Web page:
From top: Chief Medical Officer Dr Tony Holohan at a Covid-19 press briefing on April 7; New graph of daily deaths ‘related to Covid-19’
A new graph produced by Chief Medical Officer Dr Tony Holohan suggests that daily deaths associated with Covid-19 may have peaked in Ireland on Tuesday, April 7.
RTÉ’s George Lee reports:
This new analysis paints a very different picture to that suggested by the figures published to date.
It shows that daily deaths actually peaked ten days ago on 7 April at 39 deaths, although the reported total that day was 36.
It also reveals that broadly for three weeks before 10 April, the daily reported death toll under-represented the reality of how many people really died each day. But in the past week, the daily reported total has been over-representing the actual number of deaths that occurred – some days by quite a lot.
The number of deaths officially reported for Friday 17 April is 44, the highest yet. But in reality, only 20 of those deaths actually occurred on Friday. The rest could properly have been allocated to earlier dates.
The graph showed that in reality the number of daily deaths from Covid-19 in Ireland has halved since peaking ten days ago.
An international model that projected that Ireland may have already passed its peak should not be relied upon and ‘simply isn’t true’ | Follow live #coronavirus updates: https://t.co/gfJYTqGaOW pic.twitter.com/8x2oUL0tsn
— RTÉ News (@rtenews) April 7, 2020
…on April 7.
Paul Cullen, in The Irish Times, reported that, according to modelling data in the US, Ireland had passed its peak of Covid-19 infections.
Mr Cullen reported:
“Peak resource use of hospital and intensive care unit (ICU) beds here passed on April 4th, while peak deaths passed on April 6th, according to the data published by the Institute for Health Metrics and Evaluation (IHME), which is based at the University of Washington in the US.”
Chief Medical Officer Tony Holohan was asked about this study at the Department of Health’s nightly press briefing and rejected it, saying:
“It simply isn’t true. It’s not reliable…that’s not something that people should either listen to or rely upon”
At the April 7 press briefing were, from left: chair of Covid-19 advisory group Dr Cillian De Gascun; Chief Clinical Officer HSE Dr Colm Henry; Chief Medical Officer Department of Health Dr Tony Holohan and Deputy Chief Medical Officer Department of Health Dr Ronan Glynn
…during the same press conference (go to 27.19), Mr Cullen and Dr Holohan had this exchange about Covid-19 and its “peak” in Ireland.
Paul Cullen: “I hear your criticisms of that US modelling but at least they did produce a model. Nature abhors a vacuum. You’ve waited a long time to come out with the results of your own model. We did have a leaked number at the very start, of the number of people who might get the disease [15,000 by the end of March] at the very start of this crisis. We haven’t heard anything yet.
“So, I mean these exercises have their limitations but people are looking for a route map?”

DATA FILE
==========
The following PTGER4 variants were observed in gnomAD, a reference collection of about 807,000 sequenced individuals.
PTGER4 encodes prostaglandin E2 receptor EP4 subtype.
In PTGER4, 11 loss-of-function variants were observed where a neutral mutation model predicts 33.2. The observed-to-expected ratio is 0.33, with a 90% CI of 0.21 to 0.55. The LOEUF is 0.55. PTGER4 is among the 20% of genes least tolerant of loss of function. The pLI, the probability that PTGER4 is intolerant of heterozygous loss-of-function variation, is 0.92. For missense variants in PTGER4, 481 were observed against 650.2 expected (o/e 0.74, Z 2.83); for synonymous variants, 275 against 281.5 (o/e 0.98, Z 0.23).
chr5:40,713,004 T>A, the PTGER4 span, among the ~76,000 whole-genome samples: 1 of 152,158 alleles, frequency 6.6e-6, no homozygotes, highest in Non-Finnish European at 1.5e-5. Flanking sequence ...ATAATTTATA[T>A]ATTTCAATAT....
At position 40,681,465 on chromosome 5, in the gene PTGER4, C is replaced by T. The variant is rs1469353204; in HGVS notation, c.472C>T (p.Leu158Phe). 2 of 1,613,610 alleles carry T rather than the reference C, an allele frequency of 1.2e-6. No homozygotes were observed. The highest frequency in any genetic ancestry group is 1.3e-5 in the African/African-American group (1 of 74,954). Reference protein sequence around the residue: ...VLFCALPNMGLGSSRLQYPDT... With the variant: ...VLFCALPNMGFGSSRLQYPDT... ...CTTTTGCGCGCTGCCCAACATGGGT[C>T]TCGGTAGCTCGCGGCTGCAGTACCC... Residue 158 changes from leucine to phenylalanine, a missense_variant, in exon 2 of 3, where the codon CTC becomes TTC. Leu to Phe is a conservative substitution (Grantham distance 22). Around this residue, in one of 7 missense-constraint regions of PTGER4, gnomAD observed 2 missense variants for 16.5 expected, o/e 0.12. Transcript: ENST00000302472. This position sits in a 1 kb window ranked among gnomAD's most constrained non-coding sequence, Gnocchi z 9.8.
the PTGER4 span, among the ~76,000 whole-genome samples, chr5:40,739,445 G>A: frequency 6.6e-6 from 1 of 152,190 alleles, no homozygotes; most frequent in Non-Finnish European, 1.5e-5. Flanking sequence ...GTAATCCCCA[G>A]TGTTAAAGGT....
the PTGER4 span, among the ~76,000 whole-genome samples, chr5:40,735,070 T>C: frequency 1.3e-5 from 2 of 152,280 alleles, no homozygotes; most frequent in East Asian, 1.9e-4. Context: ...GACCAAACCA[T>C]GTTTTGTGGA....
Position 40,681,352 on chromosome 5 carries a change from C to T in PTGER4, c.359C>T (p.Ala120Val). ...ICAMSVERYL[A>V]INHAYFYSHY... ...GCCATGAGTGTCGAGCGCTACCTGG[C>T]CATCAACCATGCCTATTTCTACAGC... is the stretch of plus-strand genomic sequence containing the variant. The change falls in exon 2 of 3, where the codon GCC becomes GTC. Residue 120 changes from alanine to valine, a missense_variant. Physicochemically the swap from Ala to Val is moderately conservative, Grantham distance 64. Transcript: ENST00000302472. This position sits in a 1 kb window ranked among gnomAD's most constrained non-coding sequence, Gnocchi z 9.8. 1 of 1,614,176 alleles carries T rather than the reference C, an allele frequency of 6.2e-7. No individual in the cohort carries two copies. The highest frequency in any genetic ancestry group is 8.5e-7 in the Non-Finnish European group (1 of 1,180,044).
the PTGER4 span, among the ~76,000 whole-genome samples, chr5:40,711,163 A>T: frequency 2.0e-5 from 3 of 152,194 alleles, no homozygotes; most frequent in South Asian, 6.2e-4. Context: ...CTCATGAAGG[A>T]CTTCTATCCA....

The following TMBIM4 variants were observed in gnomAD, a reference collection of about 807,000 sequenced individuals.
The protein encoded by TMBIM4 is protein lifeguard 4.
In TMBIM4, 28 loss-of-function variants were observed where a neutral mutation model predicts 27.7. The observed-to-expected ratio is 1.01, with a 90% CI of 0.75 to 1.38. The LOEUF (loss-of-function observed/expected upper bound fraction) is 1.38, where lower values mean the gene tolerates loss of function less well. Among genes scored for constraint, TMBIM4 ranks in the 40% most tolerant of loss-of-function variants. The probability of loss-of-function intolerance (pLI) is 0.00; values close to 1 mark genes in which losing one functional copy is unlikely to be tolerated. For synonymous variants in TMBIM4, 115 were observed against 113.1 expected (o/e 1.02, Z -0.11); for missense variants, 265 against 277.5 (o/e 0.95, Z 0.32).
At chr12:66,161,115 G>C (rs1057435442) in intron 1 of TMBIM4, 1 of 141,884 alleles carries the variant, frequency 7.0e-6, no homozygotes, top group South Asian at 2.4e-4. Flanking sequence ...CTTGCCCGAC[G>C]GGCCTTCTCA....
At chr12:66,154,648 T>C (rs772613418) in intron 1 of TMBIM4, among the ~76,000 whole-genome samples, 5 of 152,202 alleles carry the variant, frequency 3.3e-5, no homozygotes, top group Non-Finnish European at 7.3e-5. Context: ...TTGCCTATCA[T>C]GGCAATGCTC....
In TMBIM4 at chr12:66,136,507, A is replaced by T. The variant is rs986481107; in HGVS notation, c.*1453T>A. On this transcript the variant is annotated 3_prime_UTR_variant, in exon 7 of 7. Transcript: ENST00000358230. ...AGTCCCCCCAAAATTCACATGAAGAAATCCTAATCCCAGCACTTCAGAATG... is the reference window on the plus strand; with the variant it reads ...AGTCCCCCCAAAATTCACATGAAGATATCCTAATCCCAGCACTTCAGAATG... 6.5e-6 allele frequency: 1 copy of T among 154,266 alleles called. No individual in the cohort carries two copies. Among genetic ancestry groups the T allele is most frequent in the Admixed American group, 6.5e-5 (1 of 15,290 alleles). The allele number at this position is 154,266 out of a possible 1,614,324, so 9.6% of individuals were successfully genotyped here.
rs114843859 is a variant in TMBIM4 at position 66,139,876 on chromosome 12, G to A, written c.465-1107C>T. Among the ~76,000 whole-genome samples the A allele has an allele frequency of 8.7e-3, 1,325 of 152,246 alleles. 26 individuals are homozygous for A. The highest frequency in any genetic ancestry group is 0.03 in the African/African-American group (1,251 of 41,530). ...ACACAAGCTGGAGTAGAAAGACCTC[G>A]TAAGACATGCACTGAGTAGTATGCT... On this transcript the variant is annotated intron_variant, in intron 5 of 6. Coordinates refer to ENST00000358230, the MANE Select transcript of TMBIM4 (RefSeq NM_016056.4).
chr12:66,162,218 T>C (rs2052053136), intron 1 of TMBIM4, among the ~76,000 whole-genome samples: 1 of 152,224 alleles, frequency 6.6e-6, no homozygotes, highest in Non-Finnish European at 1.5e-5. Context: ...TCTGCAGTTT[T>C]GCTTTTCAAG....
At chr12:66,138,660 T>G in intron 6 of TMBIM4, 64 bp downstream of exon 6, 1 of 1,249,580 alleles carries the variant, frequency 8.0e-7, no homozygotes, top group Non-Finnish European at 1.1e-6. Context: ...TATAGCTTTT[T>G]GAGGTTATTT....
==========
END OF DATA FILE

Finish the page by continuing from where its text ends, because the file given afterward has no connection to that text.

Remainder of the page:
Tony Holohan: “Sure, so just a couple of things on that. So the figure that was mentioned at the beginning wasn’t so much a leak as a projection that we would be at, which was correct, if we continued to grow at 33%, from the number of cases that we had at the point in time that number was identified. We would have gotten to 15,000 by the end of the month.
“The reason we didn’t get there was because we managed to flatten the curve as a society and we did that through the various measures that were introduced and what we were clear about was that with the modelling work that we’re doing, and it’s being led as Dr Glynn has said, by Philip Nolan and a team of 50 mathematicians across the academic and university sector, it’s a huge enterprise of activity.
“And the reason we haven’t given a forward projection from that is because we don’t believe that we’ve seen the point, and I said this clearly last week on a couple of occasions, the stability, if you like, in the model, to allow us to project forward. In other words, we’re continuing to see improvement in the reduction in the growth of this epidemic.
“So at the beginning, that figure of 15,000 came off a projected growth, day-on-day, of 33%. And that has been reduced steadily and it’s, we believe, still continuing to fall.
“And the further it falls, the further into the future will come the point of peak and the lower that peak will be.
“And we want to reduce that as much as we possibly can. And we think that it will take, you know, at least, tomorrow, and the next…in other words, the further we go into this week, to give that projection, the more stable and certain that projection is.
“And that’s the reason that we could have given you a forward projection two or three weeks ago. But the confidence limits of that, in other words, the variation, or the margin of error, as you might call it, would have been so great as to make that uninterpretable or useless information for the point of view of our action. And that’s why I think, correctly, we’ve waited until we had a good model, which we believe that we have.
“And an ability to see the full effect of the measures that are in place which is at least ten days post the last set of measures being put in place to start to make any forward projections which we will give you on Thursday of this week.”
Also on April 7, the Minister for Health Simon Harris signed the regulations which gave gardaí the power to enforce Covid-19 restrictions.